Equestrian Extraordinaire Emma Paul Raises the Bar


Emma Paul ’23 jumps over a bar with her horse Colt.

Equestrianism, or the art of horseback riding involves the cooperation between the rider and a horse to accomplish tasks while being judged on their ability. Emma Paul, ‘23, has been doing it for five years and has big goals.

Paul has participated in many competitions since the beginning, with a recent competition being the Harrisburg National Horse Show. She has also qualified for the National Horse Show Maclay, in Kentucky.

Competitions have different divisions based on the rider’s experience, and each division has classes. The person who obtains the most points in a class gets champion in their division.

In competitions, there are two categories: equitation and hunters. In equitation, the rider is judged on form, ability, and style. In hunters the horse is judged on performance and soundness. In Paul’s opinion, she likes equitation more.

“I prefer equitation because I have a little more control,” Paul said. Her recent pattern in competitions reflects this:

“I’ve won more hunters, but I’m switching more towards equitation now,” Paul said.

The way competitions work is unique in the United States, with equitation and hunters. The rest of the world— aside from parts of Canada— has a different and only category, jumpers.

“Pretty much the whole world of equitation and jumpers is here,” Paul said.

For hunters, Paul and her horse Colt are actually around the top 50 in the state.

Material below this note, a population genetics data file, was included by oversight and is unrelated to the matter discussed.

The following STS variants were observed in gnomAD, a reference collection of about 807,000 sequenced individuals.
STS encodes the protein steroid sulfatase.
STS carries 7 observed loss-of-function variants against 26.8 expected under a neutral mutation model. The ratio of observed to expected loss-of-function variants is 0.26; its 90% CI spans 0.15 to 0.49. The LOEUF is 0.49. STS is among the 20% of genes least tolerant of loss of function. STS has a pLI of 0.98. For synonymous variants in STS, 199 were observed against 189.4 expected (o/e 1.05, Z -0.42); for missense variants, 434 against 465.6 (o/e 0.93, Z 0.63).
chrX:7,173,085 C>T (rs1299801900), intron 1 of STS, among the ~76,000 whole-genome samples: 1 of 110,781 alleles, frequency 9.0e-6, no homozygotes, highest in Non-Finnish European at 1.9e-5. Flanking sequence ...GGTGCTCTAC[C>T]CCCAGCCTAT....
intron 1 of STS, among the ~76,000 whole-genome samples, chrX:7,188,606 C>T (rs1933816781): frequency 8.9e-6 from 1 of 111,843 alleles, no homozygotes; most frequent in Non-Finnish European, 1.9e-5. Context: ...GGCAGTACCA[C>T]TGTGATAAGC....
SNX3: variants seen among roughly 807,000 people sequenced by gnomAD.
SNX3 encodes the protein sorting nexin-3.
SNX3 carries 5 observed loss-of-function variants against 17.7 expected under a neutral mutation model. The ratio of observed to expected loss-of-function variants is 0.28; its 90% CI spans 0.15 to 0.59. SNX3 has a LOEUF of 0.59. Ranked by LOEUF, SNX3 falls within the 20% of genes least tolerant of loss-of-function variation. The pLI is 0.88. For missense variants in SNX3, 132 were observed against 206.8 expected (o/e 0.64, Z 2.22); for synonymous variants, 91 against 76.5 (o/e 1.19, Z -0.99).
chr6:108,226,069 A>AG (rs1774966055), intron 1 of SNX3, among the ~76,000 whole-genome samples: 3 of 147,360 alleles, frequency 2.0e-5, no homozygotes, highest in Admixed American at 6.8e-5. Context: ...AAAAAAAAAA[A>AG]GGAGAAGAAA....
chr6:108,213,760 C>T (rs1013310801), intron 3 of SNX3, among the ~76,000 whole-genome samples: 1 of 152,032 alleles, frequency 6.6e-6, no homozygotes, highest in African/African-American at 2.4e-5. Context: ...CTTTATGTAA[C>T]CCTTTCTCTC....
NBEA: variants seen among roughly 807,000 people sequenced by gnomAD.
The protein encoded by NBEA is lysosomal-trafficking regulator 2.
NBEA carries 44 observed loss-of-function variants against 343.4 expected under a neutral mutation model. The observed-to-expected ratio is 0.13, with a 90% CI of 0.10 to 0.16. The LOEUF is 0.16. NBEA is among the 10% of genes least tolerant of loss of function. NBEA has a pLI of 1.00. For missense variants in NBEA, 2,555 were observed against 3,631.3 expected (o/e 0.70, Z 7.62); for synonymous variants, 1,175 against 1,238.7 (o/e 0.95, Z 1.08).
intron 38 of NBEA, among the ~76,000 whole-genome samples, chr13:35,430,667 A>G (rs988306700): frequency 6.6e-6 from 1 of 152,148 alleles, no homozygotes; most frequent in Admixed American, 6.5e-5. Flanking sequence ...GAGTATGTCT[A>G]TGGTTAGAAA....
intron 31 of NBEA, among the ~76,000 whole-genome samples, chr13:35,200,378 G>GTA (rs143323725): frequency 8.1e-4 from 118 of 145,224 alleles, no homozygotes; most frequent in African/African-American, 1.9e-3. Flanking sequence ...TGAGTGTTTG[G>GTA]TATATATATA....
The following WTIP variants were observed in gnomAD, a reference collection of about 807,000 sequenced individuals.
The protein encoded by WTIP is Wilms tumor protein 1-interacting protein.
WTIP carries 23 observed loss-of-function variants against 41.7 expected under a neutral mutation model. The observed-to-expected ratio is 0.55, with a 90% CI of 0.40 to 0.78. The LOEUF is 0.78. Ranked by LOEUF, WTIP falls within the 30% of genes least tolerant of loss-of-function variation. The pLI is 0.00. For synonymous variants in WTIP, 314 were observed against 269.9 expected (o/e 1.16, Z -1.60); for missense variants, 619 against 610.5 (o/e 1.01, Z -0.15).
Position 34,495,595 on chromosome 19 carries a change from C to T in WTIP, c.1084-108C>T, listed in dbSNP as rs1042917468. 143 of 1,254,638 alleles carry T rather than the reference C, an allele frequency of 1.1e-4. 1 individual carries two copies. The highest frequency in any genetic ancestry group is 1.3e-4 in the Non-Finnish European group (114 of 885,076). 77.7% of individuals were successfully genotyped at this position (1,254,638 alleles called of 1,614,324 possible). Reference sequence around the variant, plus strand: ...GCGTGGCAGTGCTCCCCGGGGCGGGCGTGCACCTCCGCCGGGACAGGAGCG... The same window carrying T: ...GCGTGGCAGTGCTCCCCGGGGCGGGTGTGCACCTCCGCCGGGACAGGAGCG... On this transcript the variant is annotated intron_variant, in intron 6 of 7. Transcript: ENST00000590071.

One of the biggest races that Paul hopes to qualify for is the Maclay. To qualify, you need a specific amount of points in a zone. Depending on the zone, each of which has multiple states, the participant needs a different number of points. The rider gets points by winning in a class.

“You get enough points and do regionals, then you have to get top 30 or so in regionals to get to finals,” Paul said.

Equestrians have their own horses: Paul’s is named Colt. He is a Hanoverian breed who she says works hard.

Training for competitions involves both form and strength exercises because both are important when performing.

“We take off the stirrups and saddles and it lets you do everything yourself, which is for your calves,” Paul said, “and we do a bunch of really weird exercises like we have a stick on our back to keep our shoulders back and our back straight.”

Aside from competitions, equestrianism is really just about the bond between the horse and the rider. Equestrianism showcases a lot of teamwork between a person and an animal, which makes it that much more interesting and unique. Equestrian competition traces roots to the seventh century BCE, with widespread popularity in Europe and North America beginning in the 1800s. Therefore, equestrians and their companionship with horses are ingrained within western society.

In the case of Emma Paul, the bond is evident:

“[Colt] always tries his best,” Paul said, “He helps me when I make mistakes.”